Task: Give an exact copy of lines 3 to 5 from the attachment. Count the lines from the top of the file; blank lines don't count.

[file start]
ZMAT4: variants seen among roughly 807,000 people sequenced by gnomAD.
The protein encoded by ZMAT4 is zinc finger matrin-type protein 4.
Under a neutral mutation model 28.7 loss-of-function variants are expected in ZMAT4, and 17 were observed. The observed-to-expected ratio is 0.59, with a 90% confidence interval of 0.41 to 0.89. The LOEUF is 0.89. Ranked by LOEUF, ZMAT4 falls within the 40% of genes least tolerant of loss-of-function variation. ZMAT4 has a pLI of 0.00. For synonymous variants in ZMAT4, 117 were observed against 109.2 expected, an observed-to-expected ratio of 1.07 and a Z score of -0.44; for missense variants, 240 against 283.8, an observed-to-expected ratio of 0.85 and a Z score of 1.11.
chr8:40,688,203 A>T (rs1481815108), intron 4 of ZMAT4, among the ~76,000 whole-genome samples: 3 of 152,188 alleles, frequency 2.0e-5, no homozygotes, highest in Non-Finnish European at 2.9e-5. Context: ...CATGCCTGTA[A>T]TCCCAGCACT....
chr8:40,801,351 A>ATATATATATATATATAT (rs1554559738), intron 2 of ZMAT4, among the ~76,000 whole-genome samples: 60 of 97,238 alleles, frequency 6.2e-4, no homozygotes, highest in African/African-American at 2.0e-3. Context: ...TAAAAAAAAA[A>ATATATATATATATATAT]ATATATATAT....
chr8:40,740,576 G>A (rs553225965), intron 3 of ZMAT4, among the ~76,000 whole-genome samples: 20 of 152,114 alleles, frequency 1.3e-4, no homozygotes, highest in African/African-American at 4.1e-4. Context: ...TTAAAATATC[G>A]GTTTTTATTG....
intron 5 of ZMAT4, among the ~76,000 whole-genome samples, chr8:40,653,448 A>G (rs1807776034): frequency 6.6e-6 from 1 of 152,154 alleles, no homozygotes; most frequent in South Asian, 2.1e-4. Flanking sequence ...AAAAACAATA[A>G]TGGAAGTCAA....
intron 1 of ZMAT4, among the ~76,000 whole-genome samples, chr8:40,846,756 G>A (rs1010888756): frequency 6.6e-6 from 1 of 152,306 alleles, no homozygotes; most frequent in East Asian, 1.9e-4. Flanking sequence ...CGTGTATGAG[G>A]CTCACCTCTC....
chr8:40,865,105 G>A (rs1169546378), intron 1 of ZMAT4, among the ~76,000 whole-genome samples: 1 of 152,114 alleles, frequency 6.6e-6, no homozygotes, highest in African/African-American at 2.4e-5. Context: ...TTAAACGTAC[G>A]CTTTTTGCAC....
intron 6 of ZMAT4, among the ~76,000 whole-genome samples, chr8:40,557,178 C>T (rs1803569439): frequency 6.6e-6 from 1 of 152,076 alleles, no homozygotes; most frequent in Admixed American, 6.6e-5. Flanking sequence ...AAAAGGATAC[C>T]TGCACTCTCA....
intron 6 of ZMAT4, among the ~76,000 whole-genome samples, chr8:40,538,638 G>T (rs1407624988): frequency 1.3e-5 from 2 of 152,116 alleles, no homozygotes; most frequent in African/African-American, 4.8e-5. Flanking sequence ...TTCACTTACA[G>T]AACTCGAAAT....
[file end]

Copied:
Under a neutral mutation model 28.7 loss-of-function variants are expected in ZMAT4, and 17 were observed. The observed-to-expected ratio is 0.59, with a 90% confidence interval of 0.41 to 0.89. The LOEUF is 0.89. Ranked by LOEUF, ZMAT4 falls within the 40% of genes least tolerant of loss-of-function variation. ZMAT4 has a pLI of 0.00. For synonymous variants in ZMAT4, 117 were observed against 109.2 expected, an observed-to-expected ratio of 1.07 and a Z score of -0.44; for missense variants, 240 against 283.8, an observed-to-expected ratio of 0.85 and a Z score of 1.11.
chr8:40,688,203 A>T (rs1481815108), intron 4 of ZMAT4, among the ~76,000 whole-genome samples: 3 of 152,188 alleles, frequency 2.0e-5, no homozygotes, highest in Non-Finnish European at 2.9e-5. Context: ...CATGCCTGTA[A>T]TCCCAGCACT....
chr8:40,801,351 A>ATATATATATATATATAT (rs1554559738), intron 2 of ZMAT4, among the ~76,000 whole-genome samples: 60 of 97,238 alleles, frequency 6.2e-4, no homozygotes, highest in African/African-American at 2.0e-3. Context: ...TAAAAAAAAA[A>ATATATATATATATATAT]ATATATATAT....